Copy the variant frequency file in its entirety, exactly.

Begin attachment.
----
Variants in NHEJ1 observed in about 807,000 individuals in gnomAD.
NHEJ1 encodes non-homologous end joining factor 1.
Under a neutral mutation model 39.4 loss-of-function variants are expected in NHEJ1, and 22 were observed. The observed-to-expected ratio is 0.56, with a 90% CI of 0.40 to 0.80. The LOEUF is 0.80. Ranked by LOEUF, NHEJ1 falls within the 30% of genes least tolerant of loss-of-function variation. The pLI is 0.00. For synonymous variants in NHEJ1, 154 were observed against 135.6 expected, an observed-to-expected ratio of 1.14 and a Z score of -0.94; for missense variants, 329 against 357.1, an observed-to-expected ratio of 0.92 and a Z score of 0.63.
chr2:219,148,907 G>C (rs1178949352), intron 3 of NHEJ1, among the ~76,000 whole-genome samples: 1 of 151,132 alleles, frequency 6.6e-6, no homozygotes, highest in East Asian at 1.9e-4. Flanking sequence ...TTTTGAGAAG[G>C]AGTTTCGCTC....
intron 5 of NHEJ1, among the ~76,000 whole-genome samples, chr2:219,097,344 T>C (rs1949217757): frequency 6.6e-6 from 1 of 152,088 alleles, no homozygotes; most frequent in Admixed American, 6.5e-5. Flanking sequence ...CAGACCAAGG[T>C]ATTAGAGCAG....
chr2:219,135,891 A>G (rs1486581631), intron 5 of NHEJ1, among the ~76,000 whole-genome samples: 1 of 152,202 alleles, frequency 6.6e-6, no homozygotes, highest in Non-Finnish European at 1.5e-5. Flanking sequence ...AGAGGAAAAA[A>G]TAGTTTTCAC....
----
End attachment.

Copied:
Variants in NHEJ1 observed in about 807,000 individuals in gnomAD.
NHEJ1 encodes non-homologous end joining factor 1.
Under a neutral mutation model 39.4 loss-of-function variants are expected in NHEJ1, and 22 were observed. The observed-to-expected ratio is 0.56, with a 90% CI of 0.40 to 0.80. The LOEUF is 0.80. Ranked by LOEUF, NHEJ1 falls within the 30% of genes least tolerant of loss-of-function variation. The pLI is 0.00. For synonymous variants in NHEJ1, 154 were observed against 135.6 expected, an observed-to-expected ratio of 1.14 and a Z score of -0.94; for missense variants, 329 against 357.1, an observed-to-expected ratio of 0.92 and a Z score of 0.63.
chr2:219,148,907 G>C (rs1178949352), intron 3 of NHEJ1, among the ~76,000 whole-genome samples: 1 of 151,132 alleles, frequency 6.6e-6, no homozygotes, highest in East Asian at 1.9e-4. Flanking sequence ...TTTTGAGAAG[G>C]AGTTTCGCTC....
intron 5 of NHEJ1, among the ~76,000 whole-genome samples, chr2:219,097,344 T>C (rs1949217757): frequency 6.6e-6 from 1 of 152,088 alleles, no homozygotes; most frequent in Admixed American, 6.5e-5. Flanking sequence ...CAGACCAAGG[T>C]ATTAGAGCAG....
chr2:219,135,891 A>G (rs1486581631), intron 5 of NHEJ1, among the ~76,000 whole-genome samples: 1 of 152,202 alleles, frequency 6.6e-6, no homozygotes, highest in Non-Finnish European at 1.5e-5. Flanking sequence ...AGAGGAAAAA[A>G]TAGTTTTCAC....